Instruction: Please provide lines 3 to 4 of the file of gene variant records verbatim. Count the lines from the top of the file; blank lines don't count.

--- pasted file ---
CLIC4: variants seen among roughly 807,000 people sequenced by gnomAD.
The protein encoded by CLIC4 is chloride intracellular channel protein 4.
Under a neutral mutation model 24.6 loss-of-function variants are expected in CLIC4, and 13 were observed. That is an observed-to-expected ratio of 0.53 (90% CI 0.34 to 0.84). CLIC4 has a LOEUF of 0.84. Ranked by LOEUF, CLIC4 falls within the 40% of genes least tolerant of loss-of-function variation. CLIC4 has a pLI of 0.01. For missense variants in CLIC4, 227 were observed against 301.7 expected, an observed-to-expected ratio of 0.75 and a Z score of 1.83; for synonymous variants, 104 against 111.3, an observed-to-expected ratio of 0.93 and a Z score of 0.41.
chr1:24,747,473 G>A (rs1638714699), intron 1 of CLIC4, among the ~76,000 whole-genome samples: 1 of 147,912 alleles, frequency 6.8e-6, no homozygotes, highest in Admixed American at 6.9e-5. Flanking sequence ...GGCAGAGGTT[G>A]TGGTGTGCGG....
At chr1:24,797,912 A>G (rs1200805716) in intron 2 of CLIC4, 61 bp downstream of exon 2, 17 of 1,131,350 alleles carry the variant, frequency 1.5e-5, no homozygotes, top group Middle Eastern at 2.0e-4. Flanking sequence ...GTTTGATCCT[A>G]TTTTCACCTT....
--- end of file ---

Under a neutral mutation model 24.6 loss-of-function variants are expected in CLIC4, and 13 were observed. That is an observed-to-expected ratio of 0.53 (90% CI 0.34 to 0.84). CLIC4 has a LOEUF of 0.84. Ranked by LOEUF, CLIC4 falls within the 40% of genes least tolerant of loss-of-function variation. CLIC4 has a pLI of 0.01. For missense variants in CLIC4, 227 were observed against 301.7 expected, an observed-to-expected ratio of 0.75 and a Z score of 1.83; for synonymous variants, 104 against 111.3, an observed-to-expected ratio of 0.93 and a Z score of 0.41.
chr1:24,747,473 G>A (rs1638714699), intron 1 of CLIC4, among the ~76,000 whole-genome samples: 1 of 147,912 alleles, frequency 6.8e-6, no homozygotes, highest in Admixed American at 6.9e-5. Flanking sequence ...GGCAGAGGTT[G>A]TGGTGTGCGG....